You can rule out software corruption by forcing the phone to boot to recovery mode and attempting to update or restore.

            • #9
              VCC_MAIN voltage is 3.8V with DCPS set to 3.8V. When jumping the power button pin to ground, the amperage draw fluctuates between 0.00 and 0.07. I pulled the tristar back off and put on a new one after verifying everything around it was properly soldered and no solder balls shorting anything. Still nothing

              Comment


              • #10
                follow above instructions

                Comment


                • #11
                  Originally posted by Jessa_the_Professa View Post
                  follow above instructions
                    • How did this happen? We need to identify MOST LIKELY and make a plan to rule out these possibilities.

                      Look for data lines that are between the CPU (marked on the schematic as AP) and several other chips, for example, the i2c lines. Find some that go to the areas where you have done work---tristar and backlight area. See if you can find a problem such as a nudged resistor on these lines.

                      You can rule out software corruption by forcing the phone to boot to recovery mode and attempting to update or restore.

                  Comment


                  • #12
                    I don't know how this happened on the phone.... it came not charging and would not boot (As stated in my first 2 posts). I did the normal steps.....check charge port, battery, and then pulled the board and checked for shorts (As stated in my first post). Found a short on C4023 and removed it using 350F Hot air and my JBC station. I have quadruple checked the area around the CAP replaced for any damaged, bumped, poorly connected parts and found nothing wrong. The short was removed and I then attempted to power on the device using the DCPS and this is when I was getting the constant pulse of amperage reading. Since it still would not boot and it seemed to be a power issue, I replaced the tristar which did not fix the issue still. I have fully checked all the components around where I have worked and around the edge of the board where the cover plates where removed to ensure nothing has been damage.... No damage was found.

                    The phone will not boot to recovery or DFU....

                    Comment


                    • Jessa_the_Professa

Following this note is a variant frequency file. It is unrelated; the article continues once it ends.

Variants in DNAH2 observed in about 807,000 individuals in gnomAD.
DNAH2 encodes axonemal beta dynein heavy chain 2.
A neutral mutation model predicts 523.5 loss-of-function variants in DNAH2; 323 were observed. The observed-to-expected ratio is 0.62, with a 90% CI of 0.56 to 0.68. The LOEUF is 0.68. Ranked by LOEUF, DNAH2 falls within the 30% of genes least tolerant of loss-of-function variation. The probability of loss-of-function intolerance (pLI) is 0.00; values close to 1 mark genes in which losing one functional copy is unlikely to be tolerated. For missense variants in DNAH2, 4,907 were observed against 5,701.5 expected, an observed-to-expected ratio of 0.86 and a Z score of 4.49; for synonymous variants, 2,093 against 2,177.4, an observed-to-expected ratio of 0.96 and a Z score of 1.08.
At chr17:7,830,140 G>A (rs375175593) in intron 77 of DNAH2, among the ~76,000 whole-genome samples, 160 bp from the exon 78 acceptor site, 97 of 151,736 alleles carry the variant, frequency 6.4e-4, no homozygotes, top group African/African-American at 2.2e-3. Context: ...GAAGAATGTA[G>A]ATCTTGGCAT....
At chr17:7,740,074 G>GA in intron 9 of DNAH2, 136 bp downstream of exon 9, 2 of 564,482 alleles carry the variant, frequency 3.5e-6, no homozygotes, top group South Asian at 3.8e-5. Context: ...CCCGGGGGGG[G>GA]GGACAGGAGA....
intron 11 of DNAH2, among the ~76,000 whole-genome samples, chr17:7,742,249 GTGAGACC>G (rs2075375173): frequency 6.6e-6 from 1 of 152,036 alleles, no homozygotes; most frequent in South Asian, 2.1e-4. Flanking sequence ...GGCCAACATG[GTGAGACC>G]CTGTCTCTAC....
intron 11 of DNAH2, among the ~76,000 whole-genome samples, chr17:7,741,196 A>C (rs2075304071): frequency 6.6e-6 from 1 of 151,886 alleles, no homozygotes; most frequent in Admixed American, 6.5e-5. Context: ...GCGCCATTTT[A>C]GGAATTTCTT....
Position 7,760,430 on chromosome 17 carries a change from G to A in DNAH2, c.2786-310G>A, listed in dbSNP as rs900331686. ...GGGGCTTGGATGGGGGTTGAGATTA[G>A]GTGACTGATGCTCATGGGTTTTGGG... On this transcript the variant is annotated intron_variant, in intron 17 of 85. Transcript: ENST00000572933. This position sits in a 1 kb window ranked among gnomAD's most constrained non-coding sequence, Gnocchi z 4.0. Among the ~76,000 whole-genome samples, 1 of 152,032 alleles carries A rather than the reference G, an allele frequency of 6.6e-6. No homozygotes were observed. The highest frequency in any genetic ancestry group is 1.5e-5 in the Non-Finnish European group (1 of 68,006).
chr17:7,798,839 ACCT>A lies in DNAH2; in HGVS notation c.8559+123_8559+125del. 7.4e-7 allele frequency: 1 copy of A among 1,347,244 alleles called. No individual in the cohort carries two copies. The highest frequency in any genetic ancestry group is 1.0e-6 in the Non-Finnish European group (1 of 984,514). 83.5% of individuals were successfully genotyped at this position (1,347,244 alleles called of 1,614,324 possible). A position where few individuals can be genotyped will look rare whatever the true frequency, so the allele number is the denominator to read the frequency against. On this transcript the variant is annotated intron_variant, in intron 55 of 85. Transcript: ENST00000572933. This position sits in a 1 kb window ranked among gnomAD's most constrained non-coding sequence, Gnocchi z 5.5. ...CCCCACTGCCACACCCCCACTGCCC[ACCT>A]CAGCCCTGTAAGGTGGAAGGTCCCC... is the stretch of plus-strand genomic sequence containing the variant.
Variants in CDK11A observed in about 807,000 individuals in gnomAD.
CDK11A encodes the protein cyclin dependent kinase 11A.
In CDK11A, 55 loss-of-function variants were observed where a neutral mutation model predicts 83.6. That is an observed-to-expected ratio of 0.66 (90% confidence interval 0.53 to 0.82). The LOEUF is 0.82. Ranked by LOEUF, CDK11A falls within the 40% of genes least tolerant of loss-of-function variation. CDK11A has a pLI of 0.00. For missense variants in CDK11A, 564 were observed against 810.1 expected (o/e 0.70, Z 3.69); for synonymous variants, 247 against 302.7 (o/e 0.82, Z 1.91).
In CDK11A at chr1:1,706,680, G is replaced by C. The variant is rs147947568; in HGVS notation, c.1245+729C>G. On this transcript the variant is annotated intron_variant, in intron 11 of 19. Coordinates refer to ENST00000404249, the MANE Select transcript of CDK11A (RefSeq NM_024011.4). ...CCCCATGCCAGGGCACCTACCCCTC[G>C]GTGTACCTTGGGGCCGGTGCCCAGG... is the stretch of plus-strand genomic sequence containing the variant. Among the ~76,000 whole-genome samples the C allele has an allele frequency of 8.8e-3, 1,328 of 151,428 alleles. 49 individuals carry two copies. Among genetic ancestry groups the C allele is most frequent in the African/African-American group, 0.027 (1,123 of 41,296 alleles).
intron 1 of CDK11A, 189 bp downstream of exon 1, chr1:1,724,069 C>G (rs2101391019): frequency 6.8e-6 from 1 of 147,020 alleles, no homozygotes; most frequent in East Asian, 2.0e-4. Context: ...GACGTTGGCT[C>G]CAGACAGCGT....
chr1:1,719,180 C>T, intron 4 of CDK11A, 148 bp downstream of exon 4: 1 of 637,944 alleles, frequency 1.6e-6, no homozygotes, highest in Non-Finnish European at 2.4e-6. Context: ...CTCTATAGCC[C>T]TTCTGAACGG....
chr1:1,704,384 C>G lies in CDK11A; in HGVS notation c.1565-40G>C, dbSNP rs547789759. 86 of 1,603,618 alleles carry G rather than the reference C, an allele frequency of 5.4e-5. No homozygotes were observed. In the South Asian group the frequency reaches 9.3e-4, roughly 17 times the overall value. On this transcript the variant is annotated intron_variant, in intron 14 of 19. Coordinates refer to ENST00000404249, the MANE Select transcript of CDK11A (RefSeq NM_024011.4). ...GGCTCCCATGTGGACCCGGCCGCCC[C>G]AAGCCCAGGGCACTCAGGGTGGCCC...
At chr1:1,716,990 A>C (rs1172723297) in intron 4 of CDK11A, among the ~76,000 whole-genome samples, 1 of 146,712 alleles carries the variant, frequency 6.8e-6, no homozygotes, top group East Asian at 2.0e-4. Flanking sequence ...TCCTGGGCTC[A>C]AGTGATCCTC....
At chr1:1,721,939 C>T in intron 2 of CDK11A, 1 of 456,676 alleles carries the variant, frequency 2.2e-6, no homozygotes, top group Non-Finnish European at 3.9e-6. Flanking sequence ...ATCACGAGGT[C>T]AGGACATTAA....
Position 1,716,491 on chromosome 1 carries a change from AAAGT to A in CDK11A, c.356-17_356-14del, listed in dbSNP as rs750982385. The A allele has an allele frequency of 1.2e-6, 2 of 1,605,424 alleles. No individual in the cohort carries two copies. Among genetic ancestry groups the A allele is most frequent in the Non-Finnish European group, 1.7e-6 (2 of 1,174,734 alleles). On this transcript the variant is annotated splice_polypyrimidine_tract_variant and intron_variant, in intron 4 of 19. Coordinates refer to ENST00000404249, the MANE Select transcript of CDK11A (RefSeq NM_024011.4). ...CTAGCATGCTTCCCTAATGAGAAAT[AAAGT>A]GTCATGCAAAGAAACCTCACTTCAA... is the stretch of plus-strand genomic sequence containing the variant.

Jessa_the_Professa commented
                      Editing a comment
                      So you have TWO DIFFERENT phones that both can not be forced to boot into recovery mode? That only means one thing---you need to look up how to boot a phone into recovery mode and refresh your memory.

                      I am sure that this phone will boot into recovery mode if done properly and then you can see what happens when you restore.

                  • #13
                    "So you have TWO DIFFERENT phones that both can not be forced to boot into recovery mode? That only means one thing---you need to look up how to boot a phone into recovery mode and refresh your memory." Wow!! I did not know I was that dumb?!?!?!?!

                    1 phone will not show anything / will not boot (This one) and the second phone if you read the post, turned out to be a shorted home button and entered recovery mode now, but will not restore. (Fails at 19%)

                    Comment


                    • Jessa_the_Professa
                      Jessa_the_Professa commented
                      Editing a comment
                      Okay so you're down to one phone that will not boot to recovery. Most phones are able to boot to recovery, so troubleshoot that--it requires usb detection (tristar), 5v at tristar from dock, good home button/long flex/connector. Put it on DC power supply, press home and then connect usb---what happens?

                  • #14
                    OK, finally got back working on this one again. Got the device on the DCPS with a known good charge port and a known good home button. Tried entering recovery by pressing home button, then connecting USB to computer, but the DCPS still cycles between 0.00 and 0.07A with nothing being recognized on the computer.

                    Comment


                    • #15
                      That is not normal, a phone that only had a short on backlight anode line should be able to boot into recovery. So this is a problem that you created during troubleshooting. If you are sure that dock and home button are good, and backlight driver is still off, then retrace steps. You changed tristar on this phone. That is in the MOST LIKELY position right now—change it again. A phone with this history can always boot in recovery mode. Troubleshoot the cable, dock, dock connector, lines from dock to tristar, home button, connector etc until you find the problem.

                      Comment